‘No, I am okay. It’s just … sometimes I think my writing is terrible.’
‘Oh Jesus, is that all?’ you said, getting up from the couch and walking into the kitchen.
‘What do you mean, is that all?’
‘Why would you think such a thing about yourself?’
‘Don’t you ever think that your ideas are stupid?’
‘Never. I am telling you, it’s that fucking Anglo upbringing of yours. I am serious, Aggie, you think too much.’
‘I hate it when people say that.’
‘You have to learn how to stop,’ you said.
‘I want it to be good, that’s all. And …’ I paused. ‘Sometimes I am afraid that you are going to leave me,’ I said, changing the subject.
‘Oh, come on, don’t start that now. Do you want me to tell you everything is going to be fine? Well, I can’t. You’re not the only one afraid, Aggie. Some people have something really serious to be afraid of. You don’t know how lucky you are.’
I curled my body up in a foetal position. I wanted to hide from you but there was nowhere to go.
That weekend we borrowed a friend’s car and drove out of Athens, for my birthday. I was relieved that we would have some time away from everything and hoped we could finally talk about how awful the last few weeks had been.
You placed your hand on my thigh as you drove and I felt happier than I had felt in weeks. I put my feet up on the dashboard and stared out the window drinking in the olive-green, dusty landscape.
The night we finally broke up Carlos and Maria had been over for dinner. While you were cooking Maria and I sat outside on the balcony smoking.
‘How was your weekend away?’ Maria asked me.
‘It was great, Maz, things felt almost normal between us there.’
‘And did you discuss what you will do?’ Maria asked.
‘What do you mean?’
‘I mean, will you stay in Athens?
‘I don’t know…I haven’t really thought about it,’ I said, dying to change the subject. I hadn’t considered leaving for even a moment. I was determined to make Athens my home.
‘Carlos and I have decided to move to Berlin.’
‘You won’t believe this, but I am pregnant.’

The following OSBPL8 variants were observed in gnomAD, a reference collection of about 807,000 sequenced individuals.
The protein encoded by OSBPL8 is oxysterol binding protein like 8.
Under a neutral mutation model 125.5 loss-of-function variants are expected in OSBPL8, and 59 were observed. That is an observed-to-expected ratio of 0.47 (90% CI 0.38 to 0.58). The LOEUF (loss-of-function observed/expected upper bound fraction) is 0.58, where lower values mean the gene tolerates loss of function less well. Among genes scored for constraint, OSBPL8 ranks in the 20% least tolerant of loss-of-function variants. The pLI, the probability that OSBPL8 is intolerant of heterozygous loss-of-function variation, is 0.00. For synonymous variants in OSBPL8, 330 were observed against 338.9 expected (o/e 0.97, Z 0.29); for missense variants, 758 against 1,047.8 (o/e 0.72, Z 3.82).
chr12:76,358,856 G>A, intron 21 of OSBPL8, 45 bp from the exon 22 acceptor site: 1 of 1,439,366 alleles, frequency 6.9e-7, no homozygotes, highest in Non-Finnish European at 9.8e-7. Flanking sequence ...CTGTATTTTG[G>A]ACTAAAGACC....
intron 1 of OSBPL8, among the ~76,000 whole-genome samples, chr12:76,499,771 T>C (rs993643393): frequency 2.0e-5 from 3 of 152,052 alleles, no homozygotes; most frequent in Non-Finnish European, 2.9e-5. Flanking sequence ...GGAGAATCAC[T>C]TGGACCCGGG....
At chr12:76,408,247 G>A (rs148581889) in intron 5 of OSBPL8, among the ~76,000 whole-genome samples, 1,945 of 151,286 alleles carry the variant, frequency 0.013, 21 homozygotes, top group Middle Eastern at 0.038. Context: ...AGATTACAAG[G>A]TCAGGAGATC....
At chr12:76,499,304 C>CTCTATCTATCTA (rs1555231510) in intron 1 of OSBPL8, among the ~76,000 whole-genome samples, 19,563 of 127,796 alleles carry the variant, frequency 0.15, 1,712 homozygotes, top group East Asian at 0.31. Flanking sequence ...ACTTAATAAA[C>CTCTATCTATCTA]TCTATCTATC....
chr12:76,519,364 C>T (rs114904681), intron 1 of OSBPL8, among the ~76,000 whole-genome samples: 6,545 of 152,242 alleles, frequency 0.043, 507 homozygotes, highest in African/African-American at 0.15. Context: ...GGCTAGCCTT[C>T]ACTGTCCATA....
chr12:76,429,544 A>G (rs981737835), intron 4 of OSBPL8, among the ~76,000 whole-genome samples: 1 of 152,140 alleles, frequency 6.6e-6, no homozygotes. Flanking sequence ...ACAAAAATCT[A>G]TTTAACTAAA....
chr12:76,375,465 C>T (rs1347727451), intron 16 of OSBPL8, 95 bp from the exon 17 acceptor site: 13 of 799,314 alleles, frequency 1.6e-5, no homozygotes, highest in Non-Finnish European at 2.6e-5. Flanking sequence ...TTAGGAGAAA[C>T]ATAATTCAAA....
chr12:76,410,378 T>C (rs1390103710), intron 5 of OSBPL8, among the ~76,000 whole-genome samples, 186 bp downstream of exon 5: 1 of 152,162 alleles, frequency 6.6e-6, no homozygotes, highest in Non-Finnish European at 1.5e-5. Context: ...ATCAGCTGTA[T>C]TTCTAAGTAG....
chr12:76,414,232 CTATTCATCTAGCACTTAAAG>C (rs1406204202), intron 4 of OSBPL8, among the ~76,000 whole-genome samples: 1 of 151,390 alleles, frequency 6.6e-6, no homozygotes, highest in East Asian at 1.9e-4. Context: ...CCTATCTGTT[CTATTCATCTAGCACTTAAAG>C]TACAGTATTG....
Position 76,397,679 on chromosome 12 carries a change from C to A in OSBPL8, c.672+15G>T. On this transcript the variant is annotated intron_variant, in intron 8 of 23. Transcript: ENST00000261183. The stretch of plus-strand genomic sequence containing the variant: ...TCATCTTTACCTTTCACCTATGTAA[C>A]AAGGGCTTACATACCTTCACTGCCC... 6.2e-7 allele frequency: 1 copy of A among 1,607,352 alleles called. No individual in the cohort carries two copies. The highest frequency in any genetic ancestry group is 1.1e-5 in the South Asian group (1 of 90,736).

I was devastated but trying hard to hide it.
‘Oh, that’s wonderful news! I know you both really wanted this. I am so happy for you.’
‘Are you crying?’
‘Jesus Christ, Maz, I am so sorry. I am really happy for you—it’s just that I don’t know what I’ll do without a friend like you here.’
After our friends left we had a terrible argument. You tried to tell me how to wash the plates, and I told you to stop being so controlling. You said I was impractical and hopeless, and I called you a mumma’s boy. From there things deteriorated. Eventually you took a long drag of your cigarette and said you regretted me moving in with you. If I am honest, I had known this was coming, I just didn’t want to admit it to myself. It’s strange because when I think back to that moment it feels very silent, but in reality, it couldn’t have been silent at all. You slept on the couch that night and the next morning while you were at work, I packed my things and left. I took a boat to Venice to put off leaving Europe. I wanted to surround myself with beauty while I grieved. I didn’t want to think too much about anything. I just wanted to immerse myself in the streets and museums of Venice, and to sleep. I wasn’t ready to think about what I would do next. I wasn’t even ready to tell any of my friends, let alone my family, what was happening.
Once I left Athens everything was fixed in my mind in terms of befores and afters. Everything became before or after Greece; before or after you. On one of those nights when we were still together and I believed there would be endless nights like it ahead, I was lying beside you, stroking your hair.
‘Tell me a story,’ you said.
‘What kind of story?’
‘Any, just pick one and tell it to me.’
‘How about a nursery rhyme?’ I asked.
‘A sailor went to sea, sea, sea, to see what he could see, see, see. But all that he could see, see, see was the bottom of the deep blue sea, sea, sea…’ I recited.
‘Is that it?’
‘Yup, that’s it.’
‘Tell it to me again?’ you asked.
Melody Ellis is a writer and academic. Her interdisciplinary writing practice includes fiction, narrative nonfiction and criticism. She is currently a Research Fellow in the School of Media and Communication at RMIT where she teaches literary studies.